Instead of stressing about his upcoming production, Reverend William Connover spends his time lying on a grassy hillside and gazing at the stars. His wife Hannah approaches. She is not at all surprised to see him out reclining under the night sky; after all, William never tires of “gazing up at God’s handiwork, the celestial vault of heaven.” It never fails to take his breath away, he says, or restore his sense of perspective about mankind’s place in the universe.
Hannah sits down, bearing a thermos of freshly brewed coffee. William is delighted. He asks his wife how things are going. Splendidly, she says, relaying that construction is going smoothly; some of the early arrivals even volunteered to help. However, she tells him about the news reports coming from downtown Denver. The radio says mutants are involved. “Might as well say blacks or midgets or women…or Martians,” William says. “The accusation would make as much sense.” Hannah pours him a cup of coffee. William reminds his wife he can pour; she reminds him she can too.
As Reverend William sips his cup of coffee, he remarks how similar mutants are to humans, and yet so wildly different. It’s so easy to fear them, and to think of them as a threat to mankind’s rule over the planet. Aren’t they, Hannah asks? “No more, I suspect, than children are to their parents,” William answers. “You love them when they’re young and growing – you marvel at the wonder of their existence – until you start to realize they’re young and you’re not. They’ll see and experience things you never will. They’re the future – and suddenly, you’re the past.” Hannah rests her head on her husband’s shoulder. He continues. “It hurts. You resent it. Resent them. And the love isn’t quite so absolute anymore. And for a few, sadly, it turns to something else.”
The reverend stands up, revealing his lanky frame, and holds Hannah’s hands in his own. Sometimes he wishes he were a mutant too, he says, if only so he could purge the arthritis from Hannah’s body. All his followers think of him as special, simply because he preaches the gospel. But how special can he truly be, if all of his words and prayers and faith cannot ease the torment of the woman he loves? “Silly man… by asking that question, you’ve answered the other,” Hannah tells him as tears pool in her eyes. “Which is why I love you… and why the rest doesn’t matter.”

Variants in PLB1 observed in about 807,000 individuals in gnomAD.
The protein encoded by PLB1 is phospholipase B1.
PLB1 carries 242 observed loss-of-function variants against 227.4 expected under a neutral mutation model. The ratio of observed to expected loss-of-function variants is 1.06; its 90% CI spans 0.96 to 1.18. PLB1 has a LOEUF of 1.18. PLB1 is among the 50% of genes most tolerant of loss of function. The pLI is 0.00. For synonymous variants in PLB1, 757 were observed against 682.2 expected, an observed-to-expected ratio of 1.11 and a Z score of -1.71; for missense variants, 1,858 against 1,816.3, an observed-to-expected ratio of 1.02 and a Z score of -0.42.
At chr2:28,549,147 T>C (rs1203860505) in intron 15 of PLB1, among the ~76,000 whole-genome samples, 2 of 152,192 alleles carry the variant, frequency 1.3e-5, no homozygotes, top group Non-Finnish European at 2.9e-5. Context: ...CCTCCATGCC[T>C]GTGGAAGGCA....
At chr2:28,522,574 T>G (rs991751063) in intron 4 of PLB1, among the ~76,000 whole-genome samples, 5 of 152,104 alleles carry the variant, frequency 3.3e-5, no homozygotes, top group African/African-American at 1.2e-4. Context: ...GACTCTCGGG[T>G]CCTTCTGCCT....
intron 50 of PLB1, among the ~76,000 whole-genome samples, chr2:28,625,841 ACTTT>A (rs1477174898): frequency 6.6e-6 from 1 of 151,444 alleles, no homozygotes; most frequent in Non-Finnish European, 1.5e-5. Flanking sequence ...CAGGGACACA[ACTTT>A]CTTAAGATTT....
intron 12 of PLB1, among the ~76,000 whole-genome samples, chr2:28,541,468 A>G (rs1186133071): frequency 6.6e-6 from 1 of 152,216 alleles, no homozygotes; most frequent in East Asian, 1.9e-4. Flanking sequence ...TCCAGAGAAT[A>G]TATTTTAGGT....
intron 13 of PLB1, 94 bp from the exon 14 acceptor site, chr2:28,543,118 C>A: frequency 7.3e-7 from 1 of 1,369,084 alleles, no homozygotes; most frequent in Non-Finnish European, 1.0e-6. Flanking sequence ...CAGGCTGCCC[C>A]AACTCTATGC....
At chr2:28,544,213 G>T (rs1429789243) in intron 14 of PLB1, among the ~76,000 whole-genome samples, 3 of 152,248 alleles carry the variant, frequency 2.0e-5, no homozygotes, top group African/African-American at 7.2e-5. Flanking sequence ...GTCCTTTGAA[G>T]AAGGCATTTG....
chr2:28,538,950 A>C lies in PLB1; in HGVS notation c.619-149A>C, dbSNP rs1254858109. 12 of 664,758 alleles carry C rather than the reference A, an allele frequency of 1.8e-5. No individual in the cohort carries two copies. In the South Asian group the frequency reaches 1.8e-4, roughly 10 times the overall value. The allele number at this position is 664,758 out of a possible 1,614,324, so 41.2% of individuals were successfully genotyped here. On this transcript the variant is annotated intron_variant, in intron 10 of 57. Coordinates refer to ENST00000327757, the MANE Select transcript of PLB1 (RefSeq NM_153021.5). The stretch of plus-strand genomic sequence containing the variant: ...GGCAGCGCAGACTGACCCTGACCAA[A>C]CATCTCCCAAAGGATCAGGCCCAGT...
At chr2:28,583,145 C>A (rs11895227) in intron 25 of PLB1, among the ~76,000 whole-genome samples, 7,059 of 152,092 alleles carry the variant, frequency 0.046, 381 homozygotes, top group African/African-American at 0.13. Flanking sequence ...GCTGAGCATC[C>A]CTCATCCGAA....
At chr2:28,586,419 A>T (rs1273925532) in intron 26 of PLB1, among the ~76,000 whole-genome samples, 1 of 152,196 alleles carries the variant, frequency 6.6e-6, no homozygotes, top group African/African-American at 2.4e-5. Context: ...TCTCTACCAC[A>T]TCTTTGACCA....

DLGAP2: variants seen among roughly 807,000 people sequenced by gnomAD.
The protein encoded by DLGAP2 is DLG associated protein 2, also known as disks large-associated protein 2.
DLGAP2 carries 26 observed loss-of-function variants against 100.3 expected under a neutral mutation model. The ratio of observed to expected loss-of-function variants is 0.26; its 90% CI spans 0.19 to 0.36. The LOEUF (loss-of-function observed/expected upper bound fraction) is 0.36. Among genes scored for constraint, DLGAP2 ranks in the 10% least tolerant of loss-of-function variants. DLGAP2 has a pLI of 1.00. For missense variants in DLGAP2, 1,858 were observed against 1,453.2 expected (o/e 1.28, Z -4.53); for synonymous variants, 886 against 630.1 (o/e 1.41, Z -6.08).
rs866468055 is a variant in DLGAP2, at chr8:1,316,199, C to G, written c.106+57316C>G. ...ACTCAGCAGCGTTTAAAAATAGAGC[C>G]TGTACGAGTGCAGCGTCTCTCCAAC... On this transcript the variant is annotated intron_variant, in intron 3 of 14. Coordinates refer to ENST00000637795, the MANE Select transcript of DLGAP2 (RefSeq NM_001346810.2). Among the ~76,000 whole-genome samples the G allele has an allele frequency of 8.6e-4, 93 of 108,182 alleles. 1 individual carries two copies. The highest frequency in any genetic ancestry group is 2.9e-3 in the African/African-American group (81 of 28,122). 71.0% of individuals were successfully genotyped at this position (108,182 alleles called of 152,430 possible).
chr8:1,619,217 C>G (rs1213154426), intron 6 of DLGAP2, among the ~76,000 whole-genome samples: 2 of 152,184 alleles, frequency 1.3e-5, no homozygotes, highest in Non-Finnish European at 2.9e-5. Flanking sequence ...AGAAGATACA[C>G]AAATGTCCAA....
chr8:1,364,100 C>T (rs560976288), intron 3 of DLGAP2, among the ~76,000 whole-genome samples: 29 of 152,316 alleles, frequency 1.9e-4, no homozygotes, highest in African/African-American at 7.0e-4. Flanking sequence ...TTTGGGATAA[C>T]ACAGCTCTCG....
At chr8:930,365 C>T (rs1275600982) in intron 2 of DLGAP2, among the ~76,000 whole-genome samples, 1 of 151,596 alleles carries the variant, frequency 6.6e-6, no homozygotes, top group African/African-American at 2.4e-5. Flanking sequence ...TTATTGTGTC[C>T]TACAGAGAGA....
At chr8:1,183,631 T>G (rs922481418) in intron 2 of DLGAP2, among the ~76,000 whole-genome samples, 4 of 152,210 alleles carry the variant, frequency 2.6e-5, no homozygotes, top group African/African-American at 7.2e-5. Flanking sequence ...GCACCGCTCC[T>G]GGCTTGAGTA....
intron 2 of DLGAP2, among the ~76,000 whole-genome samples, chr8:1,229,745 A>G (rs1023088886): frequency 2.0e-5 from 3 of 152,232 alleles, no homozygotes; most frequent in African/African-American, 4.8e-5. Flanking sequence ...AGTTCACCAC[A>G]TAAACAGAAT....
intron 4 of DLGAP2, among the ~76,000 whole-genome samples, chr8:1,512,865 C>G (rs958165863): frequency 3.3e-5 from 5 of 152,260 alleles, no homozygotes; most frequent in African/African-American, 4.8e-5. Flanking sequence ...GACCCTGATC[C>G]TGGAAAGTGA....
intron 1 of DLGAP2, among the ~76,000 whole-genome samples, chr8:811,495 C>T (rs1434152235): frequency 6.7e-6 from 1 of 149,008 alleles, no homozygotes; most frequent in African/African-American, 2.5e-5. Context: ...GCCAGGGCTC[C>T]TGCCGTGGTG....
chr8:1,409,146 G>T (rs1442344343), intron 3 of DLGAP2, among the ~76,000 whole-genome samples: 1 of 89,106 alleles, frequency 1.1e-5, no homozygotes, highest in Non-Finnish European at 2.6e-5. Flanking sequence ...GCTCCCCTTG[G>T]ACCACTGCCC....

Terrified civilians run for their lives as the fight continues. The news crews refuse to budge; they want to capture the whole thing on film. One cameraman named Rudy compares the fighting to the action he saw in Beirut, but adds that particular battle didn’t have a man made of steel fighting it out with a terrifying Lucasfilm reject. He asks his technical crew if they’re seeing his footage. His crew in the news van asks where the other combatant is; all they see is one of the Brood swinging an automobile at some empty space. Although Rudy has both Colossus and the monster in the shot, his camera fails to sense Colossus’s image. Just then, Colossus comes crashing through the side of the van like a torpedo.
Meanwhile, high overhead, Storm finally reaches some air fresh enough to clean the Brood pheromones out of her system. She is finally free of its influence. Unfortunately, another problem has followed her: Dive-bomber. In addition to flying as fast, and with as much control, as Storm, Dive-bomber is seemingly immune to Storm’s lightning attacks. She decides to flee instead of fighting him. Dive-bomber, however, knows how to get her attention. He spies a commercial airliner flying nearby, lands on its left wing, and rips out its engine. Storm watches in horror as he proceeds to the other wing and rips out that engine as well, leaving it with only one more. The throwaway engines fall out of the sky and toward the city below.
Storm knows she must do something. She first summons a gust powerful enough to blow the two engines as far away from the city as possible. Then, she propels herself like a bullet and knocks Dive-bomber off of the airplane’s wing, all the while wishing she possessed Wolverine’s claws so she could finish the monster permanently. Using her remaining strength, she then summons a gust of wind counter to the plane’s trajectory and slows its descent. It lands safely. Neither the passengers nor the control tower can believe it; they call it a miracle, and Storm, an angel. Suddenly, Dive-bomber reappears and hits Storm with a flying punch. “I like your style, babe. You’ll make an aces addition,” he says. “…to the Brood team.”
In her dream, Madelyne Pryor, the most beautiful daughter of God’s country, flies through the land on the feathered wings of an angel, her flowing, golden robes sashaying in her wake. She finally sets foot on the lush, green grass below. As much as she loves soaring through the skies, she would give it all up for the man she loves: Scott Summers. He waits for her on the ground with their newborn son. Madelyne walks over to him and they kiss. With him, she finally feels complete; it’s as though he was a missing piece of her soul. She finally feels fulfilled and happy, and the birth of their son only made the feelings better. Their future is one of infinite possibilities. Unfortunately, Madelyne never stopped to think any of those possibilities might be bad.
In the X-Men’s headquarters in the Australian Outback, Madelyne Pryor lays unconscious on the laboratory floor. Standing next to her sleeping body is the team’s taciturn ally, Gateway. His astral form finds his way into Madelyne’s dreams, much to her surprise. “What are you doing here?” she asks the silent Aborigine. “You don’t exist! She calls him a creature from her dreams, curses him, and orders him to leave her family alone.